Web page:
Searching over 5,500,000 cases.

Buy This Entire Record For $7.95

Download the entire decision to receive the complete text, official citation,
docket number, dissents and concurrences, and footnotes for this case.

Learn more about what you receive with purchase of this case.

Caviness v. Berryhill

United States District Court, N.D. Indiana, South Bend Division

March 31, 2017

NANCY A. BERRYHILL, Acting Commissioner of Social Security, Defendant.


          JON E. DEGUILIO Judge United States District Court

         In this case, plaintiff Benjamin Caviness, by counsel, appeals the denial of his claim for Social Security Disability Insurance Benefits. For the following reasons, the Court remands this matter to the Commissioner for further proceedings consistent with this opinion.


         A. Procedural Background

         Caviness sought disability insurance benefits on July 21, 2014, alleging an onset date of April 1, 2007. (Tr. 253-61). Caviness indicated that he was unable to work due to back pain, anxiety, depression, and post-traumatic stress disorder ("PTSD"). (Tr. 269-94). Because Caviness remained insured through December 31, 2012, he had to establish disability on or before that date in order to be entitled to the benefits he sought. But his application was denied initially and on reconsideration. (Tr. 188, 195). An Administrative Law Judge ("ALJ") held a hearing on March 30, 2015, during which Caviness appeared with counsel and testified, along with a vocational expert ("VE") who testified. (Tr. 129-81). On April 21, 2015, the ALJ decided that even though Caviness suffered from the severe impairments of degenerative disc disease, obesity, depression, anxiety, and PTSD, he could still perform light work that was limited (in relevant part) to simple routine tasks that were not performed at a production rate pace and involved no more than occasional changes in the work setting. (Tr. 111-22). The ALJ did not impose any further mental or social restrictions, such as limiting the amount of interaction with coworkers, supervisors, or the public. The hypotheticals posed to the VE considered the same limitations (which were ultimately contained in Caviness' assigned residual functional capacity ("RFC")[1]), and the VE testified that such a restricted individual could still perform work as an office helper, mail clerk, house cleaner, order clerk, charge account clerk, and information clerk. Thus, the ALJ determined that Caviness was not disabled through December 31, 2012, since he could perform these other jobs.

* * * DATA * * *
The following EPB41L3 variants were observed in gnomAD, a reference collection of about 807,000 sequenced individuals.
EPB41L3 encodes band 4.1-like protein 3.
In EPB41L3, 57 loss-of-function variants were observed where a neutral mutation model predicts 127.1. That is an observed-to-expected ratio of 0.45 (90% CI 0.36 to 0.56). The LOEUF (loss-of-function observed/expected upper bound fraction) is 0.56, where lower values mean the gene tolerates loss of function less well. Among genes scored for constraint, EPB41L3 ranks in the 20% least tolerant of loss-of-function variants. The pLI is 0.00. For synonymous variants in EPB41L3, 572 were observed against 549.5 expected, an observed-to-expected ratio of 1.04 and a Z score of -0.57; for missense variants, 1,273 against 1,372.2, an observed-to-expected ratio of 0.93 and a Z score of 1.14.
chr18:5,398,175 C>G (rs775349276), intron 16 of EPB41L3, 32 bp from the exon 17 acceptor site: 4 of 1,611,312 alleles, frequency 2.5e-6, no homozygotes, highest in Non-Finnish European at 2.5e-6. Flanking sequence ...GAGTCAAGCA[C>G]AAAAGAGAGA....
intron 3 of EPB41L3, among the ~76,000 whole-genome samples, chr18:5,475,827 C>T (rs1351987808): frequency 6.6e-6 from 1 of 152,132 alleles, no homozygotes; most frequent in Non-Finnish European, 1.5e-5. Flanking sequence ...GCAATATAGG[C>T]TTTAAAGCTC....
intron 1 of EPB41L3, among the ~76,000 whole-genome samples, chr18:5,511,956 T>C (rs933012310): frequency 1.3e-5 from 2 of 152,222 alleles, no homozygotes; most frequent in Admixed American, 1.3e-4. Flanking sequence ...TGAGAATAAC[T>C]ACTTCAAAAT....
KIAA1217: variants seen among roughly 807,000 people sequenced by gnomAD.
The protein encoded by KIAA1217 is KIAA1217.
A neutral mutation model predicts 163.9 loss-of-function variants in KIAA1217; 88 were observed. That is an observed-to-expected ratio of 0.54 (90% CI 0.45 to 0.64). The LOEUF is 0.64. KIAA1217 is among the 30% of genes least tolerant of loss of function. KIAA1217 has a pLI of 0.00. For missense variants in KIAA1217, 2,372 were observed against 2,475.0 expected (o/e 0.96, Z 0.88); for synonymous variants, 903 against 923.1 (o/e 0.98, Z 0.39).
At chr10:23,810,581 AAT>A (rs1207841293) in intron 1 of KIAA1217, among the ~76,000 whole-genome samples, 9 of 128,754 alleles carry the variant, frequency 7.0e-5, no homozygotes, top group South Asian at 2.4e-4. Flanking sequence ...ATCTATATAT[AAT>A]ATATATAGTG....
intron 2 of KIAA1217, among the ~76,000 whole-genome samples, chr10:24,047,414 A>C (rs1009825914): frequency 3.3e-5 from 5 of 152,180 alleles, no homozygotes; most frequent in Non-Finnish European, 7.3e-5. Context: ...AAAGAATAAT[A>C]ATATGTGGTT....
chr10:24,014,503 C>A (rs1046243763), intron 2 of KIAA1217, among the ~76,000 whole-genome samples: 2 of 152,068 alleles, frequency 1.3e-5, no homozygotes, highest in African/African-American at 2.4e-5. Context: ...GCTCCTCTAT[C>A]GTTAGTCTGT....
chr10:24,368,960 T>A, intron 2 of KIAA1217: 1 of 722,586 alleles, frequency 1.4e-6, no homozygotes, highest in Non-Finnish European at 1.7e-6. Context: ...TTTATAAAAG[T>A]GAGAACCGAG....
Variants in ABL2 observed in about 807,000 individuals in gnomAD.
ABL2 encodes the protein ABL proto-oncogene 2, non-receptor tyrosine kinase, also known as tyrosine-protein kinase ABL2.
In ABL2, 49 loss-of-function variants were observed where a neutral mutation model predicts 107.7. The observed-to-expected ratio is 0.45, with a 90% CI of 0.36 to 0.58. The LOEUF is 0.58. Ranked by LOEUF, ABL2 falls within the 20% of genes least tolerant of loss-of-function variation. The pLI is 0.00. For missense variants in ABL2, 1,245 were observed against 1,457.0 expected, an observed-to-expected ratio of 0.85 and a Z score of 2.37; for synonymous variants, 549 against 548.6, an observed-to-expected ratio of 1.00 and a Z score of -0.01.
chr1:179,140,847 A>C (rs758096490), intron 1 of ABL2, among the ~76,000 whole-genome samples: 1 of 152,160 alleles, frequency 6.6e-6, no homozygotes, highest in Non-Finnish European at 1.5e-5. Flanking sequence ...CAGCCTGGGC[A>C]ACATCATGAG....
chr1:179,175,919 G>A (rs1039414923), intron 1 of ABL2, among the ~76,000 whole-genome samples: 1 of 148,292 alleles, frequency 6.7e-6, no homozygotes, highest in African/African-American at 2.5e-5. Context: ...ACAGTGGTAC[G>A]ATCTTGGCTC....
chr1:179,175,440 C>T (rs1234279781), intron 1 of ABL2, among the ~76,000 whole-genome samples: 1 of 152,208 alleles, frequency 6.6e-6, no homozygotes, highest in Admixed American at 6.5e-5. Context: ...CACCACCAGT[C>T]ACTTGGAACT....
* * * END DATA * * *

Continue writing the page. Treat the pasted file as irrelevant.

On July 17, 2015, the Appeals Council denied Caviness' request for review of the ALJ's decision, stating that "[w]e found no reason under our rules to review the Administrative Law Judge's decision." (Tr. 1). The Appeals Council wrote:

We also looked at the following materials that you submitted to us (1) medical records of the VA Hospital dated from January 2, 2015 to January 15, 2015 (3 pages), (2) a VA Benefits Decision dated May 12, 2015 adjusting your disability rating effective May 15, 2014 (7 pages), (3) a VA Benefits Summary dated May 14, 2015 (3 pages), and (4) medical records of VAMC Marion dated from February 14, 2015 to May 14, 2015 (79 pages). The Administrative Law Judge decided your case through December 31, 2012, the date you were last insured for disability benefits. This new information is about a later time. Therefore, it does not affect the decision about whether you were disabled at the time you were last insured for disability benefits.

(Tr. 2). Caviness filed a timely complaint seeking judicial review of the Commissioner's decision, and this Court has jurisdiction pursuant to 42 U.S.C. § 405(g). Caviness specifically contends that a remand for further proceedings is necessary because the Commissioner erred as a matter of law in denying Caviness' claim when the Appeals Council did not apply its regulation properly in considering "new" and "material" evidence which revealed that Caviness was further limited in his mental and social ability to perform other work. Caviness further suggests that the Commissioner's decision is ultimately not based on substantial evidence.

         B. Medical Background